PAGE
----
Lady Slane’s struggle is reborn in her doppelgänger namesake great-granddaughter. But it’s repetition with a difference because young Deborah has broken off her socially-approved engagement. Deborah tells her great grandmother, “The people I like always seem to be scattered, lonely people—only they recognize each other as soon as they come together. They seem to be aware of something more important than the things grandfather and great-aunt Carrie think important. I don’t yet know exactly what that something is…. It seems to have something of the nature of religion. A chord of music, for instance, gives me more satisfaction than a prayer.” Both Deborahs crave what the elder has identified as “the life of the artist, the creator, looking closely, feeling widely.”

In Hampstead Heath Lady Slane has found her group of lonely, artistic people who recognize each other. Mr. Bucktrout, Mr. Gosheron and Mr. FitzGeorge are aware of Lady Slane’s beauty-loving soul, even if she is never understood by her efficient daughter Carrie or by her son William for whom “parsimony was in itself a career.”

Of course conventional values have the final word in the book, as Carrie, standing at her mother’s deathbed, erects a stockade between herself and the wild beauties of life. “‘In the presence of death,’ she said to Mr Gosheron, taking refuge in a last convention, ‘you might at least take off your hat.’” She’s shoring herself up against the transcendent realities that Gosheron and Bucktrout and Lady Slane seem to share with Walter Pater who wrote in The Renaissance: Studies In Art And Poetry:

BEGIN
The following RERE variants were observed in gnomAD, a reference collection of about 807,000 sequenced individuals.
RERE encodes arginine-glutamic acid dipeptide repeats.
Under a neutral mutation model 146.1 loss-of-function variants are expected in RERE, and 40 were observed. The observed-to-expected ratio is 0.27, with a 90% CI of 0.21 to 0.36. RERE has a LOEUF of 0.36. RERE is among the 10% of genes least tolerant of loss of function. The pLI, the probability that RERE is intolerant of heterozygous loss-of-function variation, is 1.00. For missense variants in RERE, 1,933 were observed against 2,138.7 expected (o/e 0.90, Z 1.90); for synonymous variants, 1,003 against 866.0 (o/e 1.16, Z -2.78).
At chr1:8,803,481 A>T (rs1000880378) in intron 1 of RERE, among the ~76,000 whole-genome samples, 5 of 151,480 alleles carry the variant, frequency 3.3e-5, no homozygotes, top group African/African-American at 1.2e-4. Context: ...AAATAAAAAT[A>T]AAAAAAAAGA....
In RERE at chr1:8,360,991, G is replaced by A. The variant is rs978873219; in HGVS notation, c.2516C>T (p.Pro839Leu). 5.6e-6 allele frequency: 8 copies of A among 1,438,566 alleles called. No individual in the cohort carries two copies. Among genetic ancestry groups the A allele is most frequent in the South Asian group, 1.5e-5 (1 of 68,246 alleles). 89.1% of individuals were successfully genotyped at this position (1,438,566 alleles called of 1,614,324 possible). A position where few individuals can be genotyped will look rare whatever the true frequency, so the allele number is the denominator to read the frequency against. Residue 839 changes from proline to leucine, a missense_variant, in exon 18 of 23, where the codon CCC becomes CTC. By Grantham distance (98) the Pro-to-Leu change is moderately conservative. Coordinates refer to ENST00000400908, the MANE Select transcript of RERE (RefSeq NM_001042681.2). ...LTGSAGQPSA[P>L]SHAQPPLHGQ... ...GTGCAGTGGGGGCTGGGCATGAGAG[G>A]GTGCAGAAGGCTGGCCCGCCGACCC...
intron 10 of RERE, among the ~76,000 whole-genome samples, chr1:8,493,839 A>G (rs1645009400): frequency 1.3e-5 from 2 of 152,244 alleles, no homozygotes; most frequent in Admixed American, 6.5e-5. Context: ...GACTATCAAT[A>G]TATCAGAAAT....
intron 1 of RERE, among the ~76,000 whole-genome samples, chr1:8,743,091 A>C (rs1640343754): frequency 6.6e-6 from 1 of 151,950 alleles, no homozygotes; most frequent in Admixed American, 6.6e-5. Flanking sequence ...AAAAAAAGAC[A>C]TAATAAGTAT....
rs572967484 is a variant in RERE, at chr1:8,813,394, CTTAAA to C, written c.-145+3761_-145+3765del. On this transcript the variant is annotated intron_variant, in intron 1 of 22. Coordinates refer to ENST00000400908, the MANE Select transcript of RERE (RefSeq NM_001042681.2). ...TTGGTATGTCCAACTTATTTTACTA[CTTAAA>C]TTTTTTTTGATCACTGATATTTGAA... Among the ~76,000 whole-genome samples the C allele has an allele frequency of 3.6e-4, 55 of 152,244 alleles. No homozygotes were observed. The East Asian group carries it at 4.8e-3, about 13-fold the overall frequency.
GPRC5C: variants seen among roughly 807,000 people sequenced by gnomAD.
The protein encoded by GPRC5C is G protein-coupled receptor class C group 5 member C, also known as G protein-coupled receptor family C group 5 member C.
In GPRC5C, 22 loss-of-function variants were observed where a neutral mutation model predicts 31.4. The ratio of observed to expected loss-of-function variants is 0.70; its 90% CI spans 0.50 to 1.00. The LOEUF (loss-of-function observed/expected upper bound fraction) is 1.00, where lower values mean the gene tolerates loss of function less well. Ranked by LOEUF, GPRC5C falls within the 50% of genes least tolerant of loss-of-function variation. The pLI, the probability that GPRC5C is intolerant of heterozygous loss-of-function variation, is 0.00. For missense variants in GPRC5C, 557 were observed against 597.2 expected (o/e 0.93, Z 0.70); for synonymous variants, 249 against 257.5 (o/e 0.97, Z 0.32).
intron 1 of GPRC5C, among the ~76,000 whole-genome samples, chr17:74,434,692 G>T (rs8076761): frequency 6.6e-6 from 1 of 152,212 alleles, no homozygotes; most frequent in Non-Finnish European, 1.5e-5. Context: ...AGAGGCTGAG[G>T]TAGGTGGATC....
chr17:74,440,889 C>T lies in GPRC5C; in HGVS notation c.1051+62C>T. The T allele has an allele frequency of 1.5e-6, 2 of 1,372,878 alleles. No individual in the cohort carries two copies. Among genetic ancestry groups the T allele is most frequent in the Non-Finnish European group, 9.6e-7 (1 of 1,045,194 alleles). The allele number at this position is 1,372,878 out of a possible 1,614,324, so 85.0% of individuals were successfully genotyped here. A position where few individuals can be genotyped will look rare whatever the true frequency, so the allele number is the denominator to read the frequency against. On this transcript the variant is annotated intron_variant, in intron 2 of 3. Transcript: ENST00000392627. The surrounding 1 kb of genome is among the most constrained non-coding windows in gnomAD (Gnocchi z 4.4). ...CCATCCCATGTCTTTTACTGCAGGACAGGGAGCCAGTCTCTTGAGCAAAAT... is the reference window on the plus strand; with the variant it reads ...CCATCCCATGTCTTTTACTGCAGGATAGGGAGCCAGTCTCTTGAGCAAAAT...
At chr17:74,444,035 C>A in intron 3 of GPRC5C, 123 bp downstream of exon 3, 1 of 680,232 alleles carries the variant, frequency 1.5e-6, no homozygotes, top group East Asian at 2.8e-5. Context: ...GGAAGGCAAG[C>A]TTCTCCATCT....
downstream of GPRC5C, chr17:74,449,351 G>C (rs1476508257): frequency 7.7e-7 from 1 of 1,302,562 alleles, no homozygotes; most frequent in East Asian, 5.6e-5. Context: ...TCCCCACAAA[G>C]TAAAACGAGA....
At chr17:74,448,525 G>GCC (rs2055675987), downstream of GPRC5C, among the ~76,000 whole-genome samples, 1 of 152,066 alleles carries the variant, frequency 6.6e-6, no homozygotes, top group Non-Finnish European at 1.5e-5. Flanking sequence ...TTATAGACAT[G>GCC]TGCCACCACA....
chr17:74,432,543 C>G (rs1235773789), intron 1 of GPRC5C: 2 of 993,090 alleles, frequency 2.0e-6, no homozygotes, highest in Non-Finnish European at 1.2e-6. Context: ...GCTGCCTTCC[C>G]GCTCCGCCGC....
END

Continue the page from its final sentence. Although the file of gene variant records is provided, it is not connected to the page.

We have an interval, and then our place knows us no more. Some spend this interval in listlessness, some in high passions, the wisest, at least among “the children of this world,” in art and song. For our one chance lies in expanding that interval, in getting as many pulsations as possible into the given time. Great passions may give us this quickened sense of life, ecstasy and sorrow of love, the various forms of enthusiastic activity, disinterested or otherwise, which come naturally to many of us. Only be sure it is passion–that it does yield you this fruit of a quickened, multiplied consciousness. Of such wisdom, the poetic passion, the desire of beauty, the love of art for its own sake, has most. For art comes to you proposing frankly to give nothing but the highest quality to your moments as they pass, and simply for those moments’ sake.

*Since I was also reading Bernardine Evaristo’s Manifesto, this line made me cackle.

** I was initially disappointed by this Orlando reference, as if Vita had been merely copying Virginia Woolf. Not that I think art appears virgin and uninfluenced in the mind of a creator, but this borrowing seemed so overt. But, in reading Audre Lorde’s detailed accounts of the loving give-and-take in her sexual relationships with other women in Zami, I began to see Vita’s nod to Orlando as a loving reciprocity: Vita warmly receives Virginia’s book which was a loving celebration of Vita.